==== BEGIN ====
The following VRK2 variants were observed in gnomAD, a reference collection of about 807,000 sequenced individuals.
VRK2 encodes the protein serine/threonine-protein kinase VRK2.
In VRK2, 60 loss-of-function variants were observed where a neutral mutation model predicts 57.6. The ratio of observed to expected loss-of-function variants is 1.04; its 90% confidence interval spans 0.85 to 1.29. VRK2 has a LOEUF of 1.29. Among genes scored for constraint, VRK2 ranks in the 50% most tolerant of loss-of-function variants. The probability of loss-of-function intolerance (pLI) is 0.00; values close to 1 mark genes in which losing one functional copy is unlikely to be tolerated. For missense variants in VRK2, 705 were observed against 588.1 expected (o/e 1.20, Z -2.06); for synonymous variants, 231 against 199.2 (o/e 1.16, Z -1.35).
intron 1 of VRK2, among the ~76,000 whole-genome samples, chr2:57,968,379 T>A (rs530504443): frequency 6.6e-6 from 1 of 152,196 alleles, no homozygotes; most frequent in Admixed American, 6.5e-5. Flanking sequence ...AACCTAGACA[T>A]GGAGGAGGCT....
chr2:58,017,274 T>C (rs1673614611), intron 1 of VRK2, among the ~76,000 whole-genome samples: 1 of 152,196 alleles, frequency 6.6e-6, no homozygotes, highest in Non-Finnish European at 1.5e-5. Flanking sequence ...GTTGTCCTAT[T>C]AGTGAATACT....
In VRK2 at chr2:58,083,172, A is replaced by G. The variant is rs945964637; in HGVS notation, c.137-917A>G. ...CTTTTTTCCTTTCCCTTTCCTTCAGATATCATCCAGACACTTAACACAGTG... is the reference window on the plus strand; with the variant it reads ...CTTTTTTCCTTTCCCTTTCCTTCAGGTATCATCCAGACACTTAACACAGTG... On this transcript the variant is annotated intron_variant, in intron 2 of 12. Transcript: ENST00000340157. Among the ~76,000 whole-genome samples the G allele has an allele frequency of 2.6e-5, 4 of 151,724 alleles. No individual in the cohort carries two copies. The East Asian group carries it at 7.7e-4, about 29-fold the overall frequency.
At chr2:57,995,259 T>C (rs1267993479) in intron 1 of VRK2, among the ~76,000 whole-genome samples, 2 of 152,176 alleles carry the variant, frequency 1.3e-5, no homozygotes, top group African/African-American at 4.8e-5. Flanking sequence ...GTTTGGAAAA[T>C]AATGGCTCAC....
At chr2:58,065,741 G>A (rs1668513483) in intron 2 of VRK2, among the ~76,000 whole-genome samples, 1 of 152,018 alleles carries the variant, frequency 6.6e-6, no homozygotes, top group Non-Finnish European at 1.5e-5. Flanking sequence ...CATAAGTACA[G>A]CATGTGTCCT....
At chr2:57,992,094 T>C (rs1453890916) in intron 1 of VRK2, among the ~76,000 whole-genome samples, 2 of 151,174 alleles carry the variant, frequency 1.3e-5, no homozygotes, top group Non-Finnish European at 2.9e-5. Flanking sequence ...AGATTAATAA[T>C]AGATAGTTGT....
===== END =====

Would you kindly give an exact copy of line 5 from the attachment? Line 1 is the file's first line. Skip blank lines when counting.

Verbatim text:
chr2:58,017,274 T>C (rs1673614611), intron 1 of VRK2, among the ~76,000 whole-genome samples: 1 of 152,196 alleles, frequency 6.6e-6, no homozygotes, highest in Non-Finnish European at 1.5e-5. Flanking sequence ...GTTGTCCTAT[T>C]AGTGAATACT....